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Figure 4. Assortative mating increases the phenotypic variance in a population and will lead to correlated genotypes within and between mates. (a) Adapted from Kong et al. (2018). For heritable traits, assortative mating implies that mates have correlated genotypes. Therefore, a single generation of assortment (i.e., in the offspring’s parental generation) will lead to covariances between parents’ genotypes, such that the genes inherited from one parent will covary with the genes inherited from the other parent. If assortment has occurred for more than one generation (i.e., in both the parental and grandparental generations and perhaps before), the genes inherited from one parent will also be correlated with the other genes inherited from that same parent. For example, the genes originally passed down from one’s maternal grandmother will be correlated with those from their maternal grandfather, both of which are later transmitted to the offspring by their mother. (b) For a random mating population, quantitative traits – in this example, hue from blue to red – will adopt a normal distribution over time, such that most people will fall somewhere in the middle of the trait’s distribution with few individuals on the extremes. Conversely, the variation in traits under assortative mating will increase because alleles of similar effects will tend to congregate in the same genomes. At the extreme, as illustrated here, trait distributions can become bimodal over time (although assortative mating this extreme is probably rare).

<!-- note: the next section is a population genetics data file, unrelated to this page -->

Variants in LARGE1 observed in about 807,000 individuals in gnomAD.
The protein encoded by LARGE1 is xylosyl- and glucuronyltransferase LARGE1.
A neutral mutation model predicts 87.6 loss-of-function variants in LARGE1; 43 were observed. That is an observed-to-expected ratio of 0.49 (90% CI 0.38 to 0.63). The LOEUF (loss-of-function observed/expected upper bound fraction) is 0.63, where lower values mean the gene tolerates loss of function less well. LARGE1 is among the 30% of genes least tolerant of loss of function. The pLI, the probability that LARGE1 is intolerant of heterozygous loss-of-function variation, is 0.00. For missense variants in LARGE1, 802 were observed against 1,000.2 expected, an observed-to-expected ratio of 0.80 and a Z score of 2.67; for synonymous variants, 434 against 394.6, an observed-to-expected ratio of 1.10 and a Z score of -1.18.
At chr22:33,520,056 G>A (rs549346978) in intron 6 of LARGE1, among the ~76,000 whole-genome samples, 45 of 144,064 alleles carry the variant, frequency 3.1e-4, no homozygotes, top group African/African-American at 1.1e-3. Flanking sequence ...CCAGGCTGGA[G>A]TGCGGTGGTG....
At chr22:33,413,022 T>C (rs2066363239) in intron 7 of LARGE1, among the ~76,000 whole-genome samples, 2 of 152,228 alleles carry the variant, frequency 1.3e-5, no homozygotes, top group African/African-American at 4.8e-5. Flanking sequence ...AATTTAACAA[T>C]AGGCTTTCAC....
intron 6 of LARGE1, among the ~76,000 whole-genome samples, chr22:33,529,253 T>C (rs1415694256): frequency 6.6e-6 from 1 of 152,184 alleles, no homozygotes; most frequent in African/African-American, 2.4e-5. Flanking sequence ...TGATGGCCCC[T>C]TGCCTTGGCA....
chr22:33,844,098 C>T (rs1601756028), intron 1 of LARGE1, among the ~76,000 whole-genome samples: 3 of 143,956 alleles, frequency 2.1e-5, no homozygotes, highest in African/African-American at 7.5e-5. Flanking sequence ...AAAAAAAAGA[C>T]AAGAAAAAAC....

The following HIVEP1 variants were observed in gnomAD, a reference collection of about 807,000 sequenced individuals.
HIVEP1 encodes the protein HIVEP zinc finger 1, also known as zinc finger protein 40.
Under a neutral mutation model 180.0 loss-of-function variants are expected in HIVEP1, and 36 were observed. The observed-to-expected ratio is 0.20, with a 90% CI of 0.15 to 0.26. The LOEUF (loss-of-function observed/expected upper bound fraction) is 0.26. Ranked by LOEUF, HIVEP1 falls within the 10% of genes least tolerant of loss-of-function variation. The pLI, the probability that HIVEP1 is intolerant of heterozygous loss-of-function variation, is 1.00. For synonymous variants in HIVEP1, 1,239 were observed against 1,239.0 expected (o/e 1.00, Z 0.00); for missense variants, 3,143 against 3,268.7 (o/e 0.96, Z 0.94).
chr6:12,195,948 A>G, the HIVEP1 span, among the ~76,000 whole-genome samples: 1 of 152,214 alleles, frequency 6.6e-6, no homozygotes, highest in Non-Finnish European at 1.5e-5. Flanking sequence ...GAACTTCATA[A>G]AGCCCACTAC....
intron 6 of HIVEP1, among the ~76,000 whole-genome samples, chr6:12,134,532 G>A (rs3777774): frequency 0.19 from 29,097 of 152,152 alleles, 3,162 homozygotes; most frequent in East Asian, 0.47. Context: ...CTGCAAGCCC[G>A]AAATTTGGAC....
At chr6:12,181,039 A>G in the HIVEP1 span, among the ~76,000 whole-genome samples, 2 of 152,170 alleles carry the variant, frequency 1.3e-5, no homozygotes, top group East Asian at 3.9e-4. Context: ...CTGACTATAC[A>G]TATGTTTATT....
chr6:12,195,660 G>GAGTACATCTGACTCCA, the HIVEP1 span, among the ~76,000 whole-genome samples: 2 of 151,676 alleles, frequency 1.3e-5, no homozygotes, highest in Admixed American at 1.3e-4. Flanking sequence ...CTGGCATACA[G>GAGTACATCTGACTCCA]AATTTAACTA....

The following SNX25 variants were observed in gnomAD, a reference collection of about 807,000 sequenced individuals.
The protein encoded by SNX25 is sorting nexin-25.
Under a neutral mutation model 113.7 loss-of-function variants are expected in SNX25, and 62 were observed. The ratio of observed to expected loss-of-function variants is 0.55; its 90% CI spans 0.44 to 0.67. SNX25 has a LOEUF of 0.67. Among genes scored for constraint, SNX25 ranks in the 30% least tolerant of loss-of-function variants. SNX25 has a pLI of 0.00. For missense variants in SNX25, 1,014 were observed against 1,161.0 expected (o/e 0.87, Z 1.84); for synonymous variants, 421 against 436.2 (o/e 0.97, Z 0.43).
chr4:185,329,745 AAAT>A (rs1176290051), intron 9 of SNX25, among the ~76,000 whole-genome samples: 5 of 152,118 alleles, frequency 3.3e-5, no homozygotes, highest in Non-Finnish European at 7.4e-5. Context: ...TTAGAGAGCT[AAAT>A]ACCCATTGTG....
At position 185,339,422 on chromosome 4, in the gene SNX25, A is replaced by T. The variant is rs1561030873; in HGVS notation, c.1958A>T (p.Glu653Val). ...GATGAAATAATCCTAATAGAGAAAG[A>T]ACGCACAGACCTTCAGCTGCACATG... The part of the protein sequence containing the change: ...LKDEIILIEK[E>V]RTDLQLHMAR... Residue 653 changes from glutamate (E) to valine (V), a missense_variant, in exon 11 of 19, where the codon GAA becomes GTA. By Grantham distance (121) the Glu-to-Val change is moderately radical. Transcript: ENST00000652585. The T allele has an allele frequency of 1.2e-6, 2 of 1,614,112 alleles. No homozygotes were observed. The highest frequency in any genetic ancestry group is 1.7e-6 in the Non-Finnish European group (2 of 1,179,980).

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Figure 5. SEM-PGS utilizes many of the same constructs used in extended twin family designs and obtains its estimates via path tracing. (a) As shown, many of the elements of the SEM-PGS models are also common to extended twin family designs. As with extended twin family designs, SEM-PGS models each individual’s additive genetic effects, their familial environmental effects, and the covariance between the two (i.e., genetic nurture). Both approaches also model the effects of the individuals’ unique/nonshared environments and use data on partners (in this case, the offspring’s parents) to account for assortative mating. Of course, they differ from extended twin family designs in their utilization of measured genetic data – specifically their use of transmitted (shown as solid colors) and nontransmitted (shown as striped) PGSs as hypothesized sources of phenotypic variation. (b) SEMs can be depicted using path diagrams, such as the one shown above, in which hypothesized relationships between observed variables are shown. In path diagrams, single-headed arrows signify causal relationships from one variable to another, with their associated path coefficients (e.g., δ above) being akin to partial regression coefficients. Double-headed arrows, meanwhile, signify covariances between two variables, or variances when connecting a variable to itself. To determine expected (co)variances between two variables using a path diagram, one must identify all ‘legitimate’ paths – that is, paths which abide by a given set of rules (described in Balbona et al., 2021 and elsewhere) – that connect the two variables (for expected covariances) or that connect a variable to itself (for expected variances). For example, in examining the covariance between PGSNT,p and Yo, one of the legitimate paths would be PGSNT,p → Yp → Fo → Yo, one of the genetic nurture paths. Another path would be PGSNT,p → Yp → Ym → PGST,p → Yo, illustrating how assortative mating induces a correlation between nontransmitted alleles and the offspring trait via the transmitted alleles.